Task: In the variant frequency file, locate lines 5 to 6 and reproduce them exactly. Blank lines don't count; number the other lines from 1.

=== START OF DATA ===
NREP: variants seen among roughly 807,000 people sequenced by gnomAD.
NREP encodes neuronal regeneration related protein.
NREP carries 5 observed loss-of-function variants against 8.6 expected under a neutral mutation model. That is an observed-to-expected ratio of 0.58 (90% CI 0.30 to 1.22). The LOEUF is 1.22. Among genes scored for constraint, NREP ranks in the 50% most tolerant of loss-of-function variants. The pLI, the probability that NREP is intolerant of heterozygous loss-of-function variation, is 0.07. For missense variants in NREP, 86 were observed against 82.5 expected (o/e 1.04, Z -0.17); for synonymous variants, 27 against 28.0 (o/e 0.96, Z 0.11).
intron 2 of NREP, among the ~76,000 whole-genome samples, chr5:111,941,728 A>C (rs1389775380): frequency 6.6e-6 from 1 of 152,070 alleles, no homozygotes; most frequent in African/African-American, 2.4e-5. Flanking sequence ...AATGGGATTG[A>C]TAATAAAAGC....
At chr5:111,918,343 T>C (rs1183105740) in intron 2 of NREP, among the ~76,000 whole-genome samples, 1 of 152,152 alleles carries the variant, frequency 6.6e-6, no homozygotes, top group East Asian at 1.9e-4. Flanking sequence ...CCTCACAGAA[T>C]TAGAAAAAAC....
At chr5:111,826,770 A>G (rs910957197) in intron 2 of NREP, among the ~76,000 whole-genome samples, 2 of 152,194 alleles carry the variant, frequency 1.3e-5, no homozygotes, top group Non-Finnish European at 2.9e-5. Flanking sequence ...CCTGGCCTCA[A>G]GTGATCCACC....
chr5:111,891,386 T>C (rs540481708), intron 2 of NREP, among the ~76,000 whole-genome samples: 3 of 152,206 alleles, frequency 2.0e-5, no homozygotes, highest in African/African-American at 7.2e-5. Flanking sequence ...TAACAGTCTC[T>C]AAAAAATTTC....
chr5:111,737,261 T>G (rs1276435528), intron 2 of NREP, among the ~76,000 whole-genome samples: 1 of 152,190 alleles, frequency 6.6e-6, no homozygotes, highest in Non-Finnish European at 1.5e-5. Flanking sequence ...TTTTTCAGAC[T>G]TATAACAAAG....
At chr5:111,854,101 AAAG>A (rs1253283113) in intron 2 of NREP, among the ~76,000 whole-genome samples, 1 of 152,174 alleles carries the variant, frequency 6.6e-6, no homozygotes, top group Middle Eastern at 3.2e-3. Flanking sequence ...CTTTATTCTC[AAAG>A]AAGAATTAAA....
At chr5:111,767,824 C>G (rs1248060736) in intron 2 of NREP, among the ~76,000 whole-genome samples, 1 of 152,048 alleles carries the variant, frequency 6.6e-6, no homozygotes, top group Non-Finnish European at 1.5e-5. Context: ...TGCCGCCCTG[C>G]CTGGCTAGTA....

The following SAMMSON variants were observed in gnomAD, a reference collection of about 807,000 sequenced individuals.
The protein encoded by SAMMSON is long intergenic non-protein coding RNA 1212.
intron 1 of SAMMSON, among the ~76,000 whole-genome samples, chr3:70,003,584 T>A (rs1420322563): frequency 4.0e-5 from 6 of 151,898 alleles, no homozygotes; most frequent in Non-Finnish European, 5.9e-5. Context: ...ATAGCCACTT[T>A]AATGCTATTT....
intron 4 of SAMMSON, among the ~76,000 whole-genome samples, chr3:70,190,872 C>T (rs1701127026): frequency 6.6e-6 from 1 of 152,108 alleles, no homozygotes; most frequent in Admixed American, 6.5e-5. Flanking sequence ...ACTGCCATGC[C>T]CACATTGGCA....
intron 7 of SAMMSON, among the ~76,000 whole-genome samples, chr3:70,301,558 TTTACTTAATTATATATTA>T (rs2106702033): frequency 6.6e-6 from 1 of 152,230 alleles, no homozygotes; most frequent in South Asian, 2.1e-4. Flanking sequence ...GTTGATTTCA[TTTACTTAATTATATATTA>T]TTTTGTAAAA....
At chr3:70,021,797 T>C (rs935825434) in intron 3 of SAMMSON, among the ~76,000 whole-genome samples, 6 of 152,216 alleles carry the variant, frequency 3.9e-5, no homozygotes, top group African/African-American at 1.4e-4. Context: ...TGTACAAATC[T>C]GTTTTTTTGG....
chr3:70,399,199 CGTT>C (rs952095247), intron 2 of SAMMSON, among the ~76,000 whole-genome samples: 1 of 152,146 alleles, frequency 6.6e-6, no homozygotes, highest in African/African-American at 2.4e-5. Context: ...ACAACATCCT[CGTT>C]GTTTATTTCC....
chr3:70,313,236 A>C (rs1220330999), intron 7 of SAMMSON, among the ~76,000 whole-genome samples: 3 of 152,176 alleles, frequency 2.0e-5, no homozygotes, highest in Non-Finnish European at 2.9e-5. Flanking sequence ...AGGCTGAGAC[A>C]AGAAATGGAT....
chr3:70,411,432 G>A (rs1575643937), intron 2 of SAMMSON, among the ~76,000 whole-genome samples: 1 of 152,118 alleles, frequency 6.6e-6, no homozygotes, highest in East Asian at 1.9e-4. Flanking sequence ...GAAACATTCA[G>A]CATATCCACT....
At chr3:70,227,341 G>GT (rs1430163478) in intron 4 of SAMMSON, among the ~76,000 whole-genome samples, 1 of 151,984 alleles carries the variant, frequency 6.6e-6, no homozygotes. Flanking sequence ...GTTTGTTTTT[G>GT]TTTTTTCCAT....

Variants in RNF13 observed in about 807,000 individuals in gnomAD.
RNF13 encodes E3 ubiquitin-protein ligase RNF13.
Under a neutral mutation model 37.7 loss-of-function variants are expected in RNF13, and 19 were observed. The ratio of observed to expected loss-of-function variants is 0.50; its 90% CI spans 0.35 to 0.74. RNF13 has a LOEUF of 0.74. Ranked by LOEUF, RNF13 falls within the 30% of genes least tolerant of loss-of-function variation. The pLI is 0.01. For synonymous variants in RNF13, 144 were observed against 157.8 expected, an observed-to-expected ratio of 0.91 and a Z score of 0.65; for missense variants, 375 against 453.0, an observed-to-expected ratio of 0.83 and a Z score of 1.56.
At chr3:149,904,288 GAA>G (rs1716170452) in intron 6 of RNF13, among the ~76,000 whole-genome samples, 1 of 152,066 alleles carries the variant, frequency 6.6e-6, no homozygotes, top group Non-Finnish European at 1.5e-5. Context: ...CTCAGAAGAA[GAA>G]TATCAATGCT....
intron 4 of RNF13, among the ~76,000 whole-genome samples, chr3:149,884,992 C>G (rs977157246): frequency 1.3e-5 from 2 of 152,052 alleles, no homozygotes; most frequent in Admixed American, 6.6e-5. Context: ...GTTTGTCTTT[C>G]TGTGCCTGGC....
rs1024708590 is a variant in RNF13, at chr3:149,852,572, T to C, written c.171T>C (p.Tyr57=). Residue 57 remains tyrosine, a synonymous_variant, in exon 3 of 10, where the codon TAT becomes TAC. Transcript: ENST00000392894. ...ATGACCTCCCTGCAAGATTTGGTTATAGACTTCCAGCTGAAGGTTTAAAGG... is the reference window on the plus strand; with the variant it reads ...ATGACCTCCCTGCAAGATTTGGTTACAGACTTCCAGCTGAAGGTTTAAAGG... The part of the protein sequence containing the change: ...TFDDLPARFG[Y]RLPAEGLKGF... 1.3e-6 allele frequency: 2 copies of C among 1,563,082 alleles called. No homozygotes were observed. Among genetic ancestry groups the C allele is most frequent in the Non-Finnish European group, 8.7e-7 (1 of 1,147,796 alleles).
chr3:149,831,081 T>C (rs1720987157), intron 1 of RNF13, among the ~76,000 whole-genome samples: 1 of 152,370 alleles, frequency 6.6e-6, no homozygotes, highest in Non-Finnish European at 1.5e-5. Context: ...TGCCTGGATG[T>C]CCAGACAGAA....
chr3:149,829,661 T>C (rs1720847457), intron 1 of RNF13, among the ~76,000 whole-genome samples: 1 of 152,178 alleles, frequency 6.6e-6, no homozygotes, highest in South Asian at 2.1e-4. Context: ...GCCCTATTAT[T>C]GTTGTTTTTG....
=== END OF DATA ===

At chr5:111,918,343 T>C (rs1183105740) in intron 2 of NREP, among the ~76,000 whole-genome samples, 1 of 152,152 alleles carries the variant, frequency 6.6e-6, no homozygotes, top group East Asian at 1.9e-4. Flanking sequence ...CCTCACAGAA[T>C]TAGAAAAAAC....
At chr5:111,826,770 A>G (rs910957197) in intron 2 of NREP, among the ~76,000 whole-genome samples, 2 of 152,194 alleles carry the variant, frequency 1.3e-5, no homozygotes, top group Non-Finnish European at 2.9e-5. Flanking sequence ...CCTGGCCTCA[A>G]GTGATCCACC....